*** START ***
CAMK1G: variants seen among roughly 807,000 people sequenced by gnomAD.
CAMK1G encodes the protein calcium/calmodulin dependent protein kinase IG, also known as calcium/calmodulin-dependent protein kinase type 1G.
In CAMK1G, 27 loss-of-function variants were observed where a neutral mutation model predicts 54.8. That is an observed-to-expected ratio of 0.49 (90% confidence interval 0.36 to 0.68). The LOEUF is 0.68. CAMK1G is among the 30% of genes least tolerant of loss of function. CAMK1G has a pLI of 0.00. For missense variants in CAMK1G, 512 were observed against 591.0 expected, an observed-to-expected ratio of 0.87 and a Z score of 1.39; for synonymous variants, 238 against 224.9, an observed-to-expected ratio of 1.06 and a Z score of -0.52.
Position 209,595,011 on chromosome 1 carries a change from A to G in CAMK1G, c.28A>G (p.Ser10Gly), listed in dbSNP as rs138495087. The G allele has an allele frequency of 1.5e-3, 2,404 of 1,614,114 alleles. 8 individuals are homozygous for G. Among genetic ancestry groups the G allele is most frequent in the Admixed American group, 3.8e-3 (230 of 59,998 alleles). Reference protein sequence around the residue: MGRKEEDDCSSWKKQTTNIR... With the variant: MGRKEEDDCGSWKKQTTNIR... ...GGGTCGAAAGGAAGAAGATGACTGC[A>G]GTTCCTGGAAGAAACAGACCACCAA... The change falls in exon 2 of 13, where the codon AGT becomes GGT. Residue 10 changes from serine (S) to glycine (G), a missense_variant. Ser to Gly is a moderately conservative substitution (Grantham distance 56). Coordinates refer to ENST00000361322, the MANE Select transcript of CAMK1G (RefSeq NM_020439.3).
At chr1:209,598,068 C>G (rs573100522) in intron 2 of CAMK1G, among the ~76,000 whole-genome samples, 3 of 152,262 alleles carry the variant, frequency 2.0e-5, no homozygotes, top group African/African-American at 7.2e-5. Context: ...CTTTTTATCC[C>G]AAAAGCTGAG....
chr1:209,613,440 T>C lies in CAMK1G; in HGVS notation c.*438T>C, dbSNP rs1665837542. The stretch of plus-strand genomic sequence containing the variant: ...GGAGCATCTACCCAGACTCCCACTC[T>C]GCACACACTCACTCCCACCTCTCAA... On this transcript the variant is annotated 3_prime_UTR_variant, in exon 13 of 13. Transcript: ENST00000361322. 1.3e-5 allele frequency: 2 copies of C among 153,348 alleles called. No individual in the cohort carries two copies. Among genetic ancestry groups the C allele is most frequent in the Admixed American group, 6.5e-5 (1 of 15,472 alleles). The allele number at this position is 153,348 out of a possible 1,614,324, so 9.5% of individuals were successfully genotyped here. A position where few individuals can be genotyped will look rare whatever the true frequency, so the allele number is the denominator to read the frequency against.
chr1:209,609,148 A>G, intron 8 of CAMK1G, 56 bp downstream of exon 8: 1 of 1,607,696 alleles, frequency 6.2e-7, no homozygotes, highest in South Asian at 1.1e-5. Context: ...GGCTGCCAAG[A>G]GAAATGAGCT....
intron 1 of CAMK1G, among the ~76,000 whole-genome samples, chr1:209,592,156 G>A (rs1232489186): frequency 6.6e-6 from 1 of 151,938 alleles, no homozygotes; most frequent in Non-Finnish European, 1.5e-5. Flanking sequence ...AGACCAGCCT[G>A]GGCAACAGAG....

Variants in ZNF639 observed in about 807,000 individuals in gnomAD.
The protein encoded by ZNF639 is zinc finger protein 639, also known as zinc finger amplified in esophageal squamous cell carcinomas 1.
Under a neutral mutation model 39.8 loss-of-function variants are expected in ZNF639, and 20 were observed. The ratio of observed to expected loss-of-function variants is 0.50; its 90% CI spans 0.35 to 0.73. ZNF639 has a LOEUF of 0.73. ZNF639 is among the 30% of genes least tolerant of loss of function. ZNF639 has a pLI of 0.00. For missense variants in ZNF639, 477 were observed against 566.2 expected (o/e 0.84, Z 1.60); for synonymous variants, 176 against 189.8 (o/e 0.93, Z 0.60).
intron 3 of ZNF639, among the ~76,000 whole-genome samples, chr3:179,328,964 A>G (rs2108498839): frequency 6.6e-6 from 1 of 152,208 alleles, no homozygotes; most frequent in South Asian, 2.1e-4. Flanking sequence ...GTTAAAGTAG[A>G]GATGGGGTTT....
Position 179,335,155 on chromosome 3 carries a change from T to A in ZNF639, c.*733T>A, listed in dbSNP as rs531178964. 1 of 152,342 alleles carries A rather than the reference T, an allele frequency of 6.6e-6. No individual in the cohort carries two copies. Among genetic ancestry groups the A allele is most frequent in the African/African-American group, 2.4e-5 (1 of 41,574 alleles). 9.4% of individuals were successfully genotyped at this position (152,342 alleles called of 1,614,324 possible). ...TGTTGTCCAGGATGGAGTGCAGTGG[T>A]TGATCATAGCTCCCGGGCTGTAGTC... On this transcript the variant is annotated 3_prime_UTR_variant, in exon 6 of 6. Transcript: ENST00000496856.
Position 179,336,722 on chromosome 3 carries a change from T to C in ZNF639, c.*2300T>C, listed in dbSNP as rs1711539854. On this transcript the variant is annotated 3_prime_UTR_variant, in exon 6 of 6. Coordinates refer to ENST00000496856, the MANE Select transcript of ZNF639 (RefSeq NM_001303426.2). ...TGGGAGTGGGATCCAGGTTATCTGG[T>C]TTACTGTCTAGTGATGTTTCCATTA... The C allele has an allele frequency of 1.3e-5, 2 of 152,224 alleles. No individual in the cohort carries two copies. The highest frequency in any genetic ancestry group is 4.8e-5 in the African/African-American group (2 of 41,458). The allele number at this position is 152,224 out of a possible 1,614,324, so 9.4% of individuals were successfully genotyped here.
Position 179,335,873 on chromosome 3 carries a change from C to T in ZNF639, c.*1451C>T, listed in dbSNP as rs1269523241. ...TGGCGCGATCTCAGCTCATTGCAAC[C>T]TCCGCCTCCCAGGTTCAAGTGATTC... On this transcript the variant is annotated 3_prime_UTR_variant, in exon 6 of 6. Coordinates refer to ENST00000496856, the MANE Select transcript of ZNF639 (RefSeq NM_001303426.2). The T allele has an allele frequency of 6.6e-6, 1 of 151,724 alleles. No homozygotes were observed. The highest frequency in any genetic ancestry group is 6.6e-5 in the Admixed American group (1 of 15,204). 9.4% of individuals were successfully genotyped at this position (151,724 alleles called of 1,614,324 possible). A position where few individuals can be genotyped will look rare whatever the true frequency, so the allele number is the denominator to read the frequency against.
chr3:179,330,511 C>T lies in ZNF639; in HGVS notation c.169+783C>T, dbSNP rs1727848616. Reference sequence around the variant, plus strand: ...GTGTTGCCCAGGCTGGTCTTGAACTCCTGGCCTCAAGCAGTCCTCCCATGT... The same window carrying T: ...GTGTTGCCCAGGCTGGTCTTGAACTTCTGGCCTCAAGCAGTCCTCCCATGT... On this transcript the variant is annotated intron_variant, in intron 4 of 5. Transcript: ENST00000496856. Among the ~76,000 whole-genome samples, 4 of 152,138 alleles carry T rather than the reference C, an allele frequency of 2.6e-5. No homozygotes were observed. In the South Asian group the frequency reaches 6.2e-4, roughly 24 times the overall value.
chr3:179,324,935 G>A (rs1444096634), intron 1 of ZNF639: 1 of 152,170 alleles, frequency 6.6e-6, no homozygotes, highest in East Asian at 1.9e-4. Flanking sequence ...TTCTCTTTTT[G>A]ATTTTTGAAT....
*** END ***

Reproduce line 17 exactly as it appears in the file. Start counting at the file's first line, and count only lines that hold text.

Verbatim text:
chr3:179,324,935 G>A (rs1444096634), intron 1 of ZNF639: 1 of 152,170 alleles, frequency 6.6e-6, no homozygotes, highest in East Asian at 1.9e-4. Flanking sequence ...TTCTCTTTTT[G>A]ATTTTTGAAT....